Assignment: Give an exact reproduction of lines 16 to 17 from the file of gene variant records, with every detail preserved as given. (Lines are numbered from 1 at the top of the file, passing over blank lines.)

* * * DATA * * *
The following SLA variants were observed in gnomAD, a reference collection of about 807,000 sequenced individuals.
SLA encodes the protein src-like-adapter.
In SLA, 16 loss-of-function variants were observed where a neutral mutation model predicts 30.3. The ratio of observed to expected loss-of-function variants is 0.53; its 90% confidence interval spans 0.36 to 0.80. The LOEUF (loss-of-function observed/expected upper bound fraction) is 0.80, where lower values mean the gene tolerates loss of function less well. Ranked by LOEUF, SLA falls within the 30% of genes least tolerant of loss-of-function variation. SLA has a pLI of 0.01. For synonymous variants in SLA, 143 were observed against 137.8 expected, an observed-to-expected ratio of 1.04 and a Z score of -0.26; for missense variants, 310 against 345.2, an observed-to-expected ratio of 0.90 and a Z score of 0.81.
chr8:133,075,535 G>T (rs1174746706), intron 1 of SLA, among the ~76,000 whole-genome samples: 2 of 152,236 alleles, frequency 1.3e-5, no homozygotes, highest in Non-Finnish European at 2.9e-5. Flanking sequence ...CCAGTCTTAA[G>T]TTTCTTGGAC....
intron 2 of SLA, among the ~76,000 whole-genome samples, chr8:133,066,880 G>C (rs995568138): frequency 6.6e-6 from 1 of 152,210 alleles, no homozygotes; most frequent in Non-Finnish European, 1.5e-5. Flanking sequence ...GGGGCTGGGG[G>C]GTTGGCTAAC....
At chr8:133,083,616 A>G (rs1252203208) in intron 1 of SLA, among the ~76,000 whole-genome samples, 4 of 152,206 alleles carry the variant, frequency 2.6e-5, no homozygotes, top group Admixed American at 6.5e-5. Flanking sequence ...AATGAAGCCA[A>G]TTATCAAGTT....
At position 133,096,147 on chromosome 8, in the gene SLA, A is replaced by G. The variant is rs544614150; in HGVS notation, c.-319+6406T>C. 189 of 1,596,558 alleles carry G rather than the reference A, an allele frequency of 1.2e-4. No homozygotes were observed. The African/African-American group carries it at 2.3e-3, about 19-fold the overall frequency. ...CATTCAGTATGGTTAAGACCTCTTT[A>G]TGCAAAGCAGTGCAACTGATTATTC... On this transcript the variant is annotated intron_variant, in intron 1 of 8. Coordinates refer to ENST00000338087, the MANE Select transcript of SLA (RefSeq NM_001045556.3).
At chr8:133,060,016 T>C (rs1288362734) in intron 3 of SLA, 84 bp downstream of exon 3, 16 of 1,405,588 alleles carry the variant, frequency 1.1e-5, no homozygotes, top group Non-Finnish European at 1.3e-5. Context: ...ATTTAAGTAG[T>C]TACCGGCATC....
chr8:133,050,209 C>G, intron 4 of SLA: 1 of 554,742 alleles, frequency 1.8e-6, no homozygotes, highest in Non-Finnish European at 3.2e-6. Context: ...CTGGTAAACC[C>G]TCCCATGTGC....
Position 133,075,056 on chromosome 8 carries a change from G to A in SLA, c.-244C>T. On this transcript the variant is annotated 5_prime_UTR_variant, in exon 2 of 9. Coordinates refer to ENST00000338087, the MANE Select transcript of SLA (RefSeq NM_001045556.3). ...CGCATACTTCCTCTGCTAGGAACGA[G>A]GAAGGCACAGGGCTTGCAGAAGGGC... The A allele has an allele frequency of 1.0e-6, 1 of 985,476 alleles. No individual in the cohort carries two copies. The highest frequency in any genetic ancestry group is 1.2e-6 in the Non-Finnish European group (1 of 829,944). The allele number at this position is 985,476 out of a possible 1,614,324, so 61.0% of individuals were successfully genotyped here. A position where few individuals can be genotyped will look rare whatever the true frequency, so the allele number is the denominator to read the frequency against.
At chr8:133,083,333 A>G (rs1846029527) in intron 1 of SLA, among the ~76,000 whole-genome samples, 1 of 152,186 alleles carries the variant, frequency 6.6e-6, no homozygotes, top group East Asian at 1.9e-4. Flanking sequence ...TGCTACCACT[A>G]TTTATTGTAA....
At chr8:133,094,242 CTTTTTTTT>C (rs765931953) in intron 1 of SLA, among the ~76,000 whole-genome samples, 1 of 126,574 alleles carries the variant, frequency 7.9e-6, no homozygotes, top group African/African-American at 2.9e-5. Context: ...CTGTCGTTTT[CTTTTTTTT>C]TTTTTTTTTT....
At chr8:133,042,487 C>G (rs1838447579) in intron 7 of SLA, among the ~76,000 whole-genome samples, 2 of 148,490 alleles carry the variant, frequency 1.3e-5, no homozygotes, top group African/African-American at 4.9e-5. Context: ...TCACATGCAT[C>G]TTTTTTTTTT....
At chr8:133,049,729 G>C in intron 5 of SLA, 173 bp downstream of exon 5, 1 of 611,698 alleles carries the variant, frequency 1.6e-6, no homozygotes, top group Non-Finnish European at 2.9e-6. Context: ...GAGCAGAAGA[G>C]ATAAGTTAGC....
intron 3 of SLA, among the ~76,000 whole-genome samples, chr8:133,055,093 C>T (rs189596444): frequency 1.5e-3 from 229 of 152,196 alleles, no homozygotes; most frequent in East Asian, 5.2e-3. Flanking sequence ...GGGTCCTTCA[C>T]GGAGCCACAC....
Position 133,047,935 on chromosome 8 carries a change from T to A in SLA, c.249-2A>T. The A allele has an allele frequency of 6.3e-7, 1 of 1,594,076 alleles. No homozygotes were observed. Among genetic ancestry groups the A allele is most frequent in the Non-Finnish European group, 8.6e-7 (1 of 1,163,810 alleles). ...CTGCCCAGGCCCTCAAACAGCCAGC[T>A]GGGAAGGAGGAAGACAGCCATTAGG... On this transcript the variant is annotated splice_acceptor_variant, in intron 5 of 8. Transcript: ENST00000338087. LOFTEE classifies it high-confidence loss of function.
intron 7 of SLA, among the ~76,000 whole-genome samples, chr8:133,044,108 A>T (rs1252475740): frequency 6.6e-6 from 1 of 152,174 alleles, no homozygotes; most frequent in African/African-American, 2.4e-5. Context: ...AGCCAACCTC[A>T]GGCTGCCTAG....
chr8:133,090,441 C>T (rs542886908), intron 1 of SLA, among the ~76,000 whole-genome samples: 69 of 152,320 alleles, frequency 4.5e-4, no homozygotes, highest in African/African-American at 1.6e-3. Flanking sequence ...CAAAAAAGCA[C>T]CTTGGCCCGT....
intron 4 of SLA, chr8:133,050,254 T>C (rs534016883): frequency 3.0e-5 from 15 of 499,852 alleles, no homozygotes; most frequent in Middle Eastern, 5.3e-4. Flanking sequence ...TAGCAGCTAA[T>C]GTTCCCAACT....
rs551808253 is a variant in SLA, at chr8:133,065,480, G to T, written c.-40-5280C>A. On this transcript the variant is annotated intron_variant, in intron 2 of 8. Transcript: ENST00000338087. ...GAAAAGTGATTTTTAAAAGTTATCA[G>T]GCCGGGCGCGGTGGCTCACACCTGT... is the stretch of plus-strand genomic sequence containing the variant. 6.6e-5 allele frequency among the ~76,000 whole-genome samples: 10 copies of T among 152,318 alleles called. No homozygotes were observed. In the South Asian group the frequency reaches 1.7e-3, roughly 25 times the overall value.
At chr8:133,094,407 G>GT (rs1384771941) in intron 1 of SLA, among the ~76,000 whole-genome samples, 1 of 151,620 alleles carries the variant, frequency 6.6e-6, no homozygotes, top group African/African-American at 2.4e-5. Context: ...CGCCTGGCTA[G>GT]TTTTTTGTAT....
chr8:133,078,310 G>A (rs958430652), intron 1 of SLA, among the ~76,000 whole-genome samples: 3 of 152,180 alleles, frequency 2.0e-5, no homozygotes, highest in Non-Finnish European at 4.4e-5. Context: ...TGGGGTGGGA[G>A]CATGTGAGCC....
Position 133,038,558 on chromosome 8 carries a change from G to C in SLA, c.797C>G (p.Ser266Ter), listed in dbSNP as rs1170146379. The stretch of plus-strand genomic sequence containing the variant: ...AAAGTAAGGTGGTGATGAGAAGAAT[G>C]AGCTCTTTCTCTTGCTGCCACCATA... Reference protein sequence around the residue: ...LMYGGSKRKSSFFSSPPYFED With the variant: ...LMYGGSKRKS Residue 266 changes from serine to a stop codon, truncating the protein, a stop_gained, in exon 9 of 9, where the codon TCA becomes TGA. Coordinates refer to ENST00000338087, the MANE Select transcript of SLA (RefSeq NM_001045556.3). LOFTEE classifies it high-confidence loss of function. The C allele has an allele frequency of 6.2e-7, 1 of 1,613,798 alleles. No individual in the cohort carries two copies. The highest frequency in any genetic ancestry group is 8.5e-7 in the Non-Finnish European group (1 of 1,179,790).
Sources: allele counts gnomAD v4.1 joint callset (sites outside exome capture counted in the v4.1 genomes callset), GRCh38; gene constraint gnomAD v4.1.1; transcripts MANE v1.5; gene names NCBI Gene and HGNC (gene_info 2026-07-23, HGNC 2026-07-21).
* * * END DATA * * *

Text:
Position 133,047,935 on chromosome 8 carries a change from T to A in SLA, c.249-2A>T. The A allele has an allele frequency of 6.3e-7, 1 of 1,594,076 alleles. No homozygotes were observed. Among genetic ancestry groups the A allele is most frequent in the Non-Finnish European group, 8.6e-7 (1 of 1,163,810 alleles). ...CTGCCCAGGCCCTCAAACAGCCAGC[T>A]GGGAAGGAGGAAGACAGCCATTAGG... On this transcript the variant is annotated splice_acceptor_variant, in intron 5 of 8. Transcript: ENST00000338087. LOFTEE classifies it high-confidence loss of function.
intron 7 of SLA, among the ~76,000 whole-genome samples, chr8:133,044,108 A>T (rs1252475740): frequency 6.6e-6 from 1 of 152,174 alleles, no homozygotes; most frequent in African/African-American, 2.4e-5. Context: ...AGCCAACCTC[A>T]GGCTGCCTAG....